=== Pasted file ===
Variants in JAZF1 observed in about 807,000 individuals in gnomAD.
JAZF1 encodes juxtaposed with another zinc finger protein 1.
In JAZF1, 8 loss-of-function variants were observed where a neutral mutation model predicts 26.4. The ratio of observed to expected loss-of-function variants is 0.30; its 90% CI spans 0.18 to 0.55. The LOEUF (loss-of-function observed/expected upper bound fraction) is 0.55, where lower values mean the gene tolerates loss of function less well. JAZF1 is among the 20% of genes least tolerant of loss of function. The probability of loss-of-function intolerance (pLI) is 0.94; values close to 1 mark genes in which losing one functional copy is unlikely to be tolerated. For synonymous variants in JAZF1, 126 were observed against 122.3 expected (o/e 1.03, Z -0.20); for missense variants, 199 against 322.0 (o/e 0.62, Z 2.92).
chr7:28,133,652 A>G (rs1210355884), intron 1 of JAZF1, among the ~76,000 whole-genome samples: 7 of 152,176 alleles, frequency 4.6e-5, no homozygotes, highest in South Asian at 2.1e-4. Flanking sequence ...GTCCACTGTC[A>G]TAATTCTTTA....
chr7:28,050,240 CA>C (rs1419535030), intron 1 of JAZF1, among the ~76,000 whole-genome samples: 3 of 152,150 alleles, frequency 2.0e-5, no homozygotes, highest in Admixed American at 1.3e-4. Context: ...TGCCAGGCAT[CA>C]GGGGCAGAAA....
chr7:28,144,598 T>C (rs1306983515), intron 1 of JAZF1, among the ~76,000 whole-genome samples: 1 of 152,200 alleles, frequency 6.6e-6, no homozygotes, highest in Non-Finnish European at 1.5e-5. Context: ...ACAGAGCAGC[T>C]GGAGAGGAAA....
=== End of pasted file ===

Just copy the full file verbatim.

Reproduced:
Variants in JAZF1 observed in about 807,000 individuals in gnomAD.
JAZF1 encodes juxtaposed with another zinc finger protein 1.
In JAZF1, 8 loss-of-function variants were observed where a neutral mutation model predicts 26.4. The ratio of observed to expected loss-of-function variants is 0.30; its 90% CI spans 0.18 to 0.55. The LOEUF (loss-of-function observed/expected upper bound fraction) is 0.55, where lower values mean the gene tolerates loss of function less well. JAZF1 is among the 20% of genes least tolerant of loss of function. The probability of loss-of-function intolerance (pLI) is 0.94; values close to 1 mark genes in which losing one functional copy is unlikely to be tolerated. For synonymous variants in JAZF1, 126 were observed against 122.3 expected (o/e 1.03, Z -0.20); for missense variants, 199 against 322.0 (o/e 0.62, Z 2.92).
chr7:28,133,652 A>G (rs1210355884), intron 1 of JAZF1, among the ~76,000 whole-genome samples: 7 of 152,176 alleles, frequency 4.6e-5, no homozygotes, highest in South Asian at 2.1e-4. Flanking sequence ...GTCCACTGTC[A>G]TAATTCTTTA....
chr7:28,050,240 CA>C (rs1419535030), intron 1 of JAZF1, among the ~76,000 whole-genome samples: 3 of 152,150 alleles, frequency 2.0e-5, no homozygotes, highest in Admixed American at 1.3e-4. Context: ...TGCCAGGCAT[CA>C]GGGGCAGAAA....
chr7:28,144,598 T>C (rs1306983515), intron 1 of JAZF1, among the ~76,000 whole-genome samples: 1 of 152,200 alleles, frequency 6.6e-6, no homozygotes, highest in Non-Finnish European at 1.5e-5. Context: ...ACAGAGCAGC[T>C]GGAGAGGAAA....